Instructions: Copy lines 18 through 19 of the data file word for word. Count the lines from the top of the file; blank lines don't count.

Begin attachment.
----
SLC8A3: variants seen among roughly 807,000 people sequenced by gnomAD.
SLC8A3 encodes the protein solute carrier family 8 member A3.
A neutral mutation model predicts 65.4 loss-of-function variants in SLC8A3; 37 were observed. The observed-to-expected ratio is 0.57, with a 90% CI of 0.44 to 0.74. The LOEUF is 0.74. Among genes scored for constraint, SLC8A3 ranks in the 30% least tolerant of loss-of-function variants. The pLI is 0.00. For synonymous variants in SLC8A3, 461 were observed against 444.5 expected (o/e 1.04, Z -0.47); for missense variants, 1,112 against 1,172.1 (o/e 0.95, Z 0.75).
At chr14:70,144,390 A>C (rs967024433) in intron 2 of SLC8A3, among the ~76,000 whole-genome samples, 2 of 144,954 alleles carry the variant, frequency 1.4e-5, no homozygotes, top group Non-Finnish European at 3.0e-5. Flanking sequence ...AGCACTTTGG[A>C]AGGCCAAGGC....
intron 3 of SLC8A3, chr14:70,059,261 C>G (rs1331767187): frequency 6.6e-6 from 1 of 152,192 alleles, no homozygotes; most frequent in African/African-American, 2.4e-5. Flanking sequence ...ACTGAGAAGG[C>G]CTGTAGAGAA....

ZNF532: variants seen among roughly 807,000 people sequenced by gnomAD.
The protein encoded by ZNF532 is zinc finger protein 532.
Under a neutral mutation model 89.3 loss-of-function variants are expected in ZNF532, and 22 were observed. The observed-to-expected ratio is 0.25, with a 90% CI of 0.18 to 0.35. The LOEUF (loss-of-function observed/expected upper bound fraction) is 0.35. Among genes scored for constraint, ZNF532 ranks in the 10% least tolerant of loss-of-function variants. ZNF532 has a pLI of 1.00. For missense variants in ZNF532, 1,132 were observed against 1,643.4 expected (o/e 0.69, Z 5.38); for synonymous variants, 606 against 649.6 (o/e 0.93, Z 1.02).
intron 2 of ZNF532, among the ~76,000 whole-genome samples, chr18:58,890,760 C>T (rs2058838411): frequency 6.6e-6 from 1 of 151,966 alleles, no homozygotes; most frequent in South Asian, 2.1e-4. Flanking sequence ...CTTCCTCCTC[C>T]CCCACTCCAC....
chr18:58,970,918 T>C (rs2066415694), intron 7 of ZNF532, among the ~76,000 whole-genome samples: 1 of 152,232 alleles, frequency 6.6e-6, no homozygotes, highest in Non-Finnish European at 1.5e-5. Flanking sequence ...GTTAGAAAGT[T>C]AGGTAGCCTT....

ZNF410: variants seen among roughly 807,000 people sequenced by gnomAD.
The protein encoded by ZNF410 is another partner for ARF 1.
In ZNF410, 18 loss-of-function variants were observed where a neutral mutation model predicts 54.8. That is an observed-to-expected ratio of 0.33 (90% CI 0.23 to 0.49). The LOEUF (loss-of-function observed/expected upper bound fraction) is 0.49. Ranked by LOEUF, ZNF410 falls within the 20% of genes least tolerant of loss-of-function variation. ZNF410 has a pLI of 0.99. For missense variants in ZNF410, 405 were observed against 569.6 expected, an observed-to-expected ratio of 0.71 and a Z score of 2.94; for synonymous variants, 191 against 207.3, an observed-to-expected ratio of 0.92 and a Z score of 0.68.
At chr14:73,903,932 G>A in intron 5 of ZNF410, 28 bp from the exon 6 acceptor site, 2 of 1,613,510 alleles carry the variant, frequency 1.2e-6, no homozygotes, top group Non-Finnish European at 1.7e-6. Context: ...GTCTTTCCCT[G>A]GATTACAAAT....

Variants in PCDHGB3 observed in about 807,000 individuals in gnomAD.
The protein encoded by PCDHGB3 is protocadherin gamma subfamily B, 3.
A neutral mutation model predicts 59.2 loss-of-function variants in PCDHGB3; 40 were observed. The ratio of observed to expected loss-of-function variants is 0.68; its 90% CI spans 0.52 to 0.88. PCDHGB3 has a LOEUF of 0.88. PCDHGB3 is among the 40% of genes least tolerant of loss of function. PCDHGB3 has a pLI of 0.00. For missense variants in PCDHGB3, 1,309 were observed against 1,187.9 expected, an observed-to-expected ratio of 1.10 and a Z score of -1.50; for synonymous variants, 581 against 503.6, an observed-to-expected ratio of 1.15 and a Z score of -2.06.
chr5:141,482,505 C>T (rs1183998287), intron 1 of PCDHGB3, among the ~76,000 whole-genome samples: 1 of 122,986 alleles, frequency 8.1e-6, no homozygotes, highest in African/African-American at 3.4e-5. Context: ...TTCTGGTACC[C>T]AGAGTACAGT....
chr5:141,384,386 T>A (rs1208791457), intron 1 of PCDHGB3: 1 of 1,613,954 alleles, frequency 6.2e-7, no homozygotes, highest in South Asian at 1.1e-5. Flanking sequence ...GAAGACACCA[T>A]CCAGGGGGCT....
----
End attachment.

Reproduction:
chr5:141,482,505 C>T (rs1183998287), intron 1 of PCDHGB3, among the ~76,000 whole-genome samples: 1 of 122,986 alleles, frequency 8.1e-6, no homozygotes, highest in African/African-American at 3.4e-5. Context: ...TTCTGGTACC[C>T]AGAGTACAGT....
chr5:141,384,386 T>A (rs1208791457), intron 1 of PCDHGB3: 1 of 1,613,954 alleles, frequency 6.2e-7, no homozygotes, highest in South Asian at 1.1e-5. Flanking sequence ...GAAGACACCA[T>A]CCAGGGGGCT....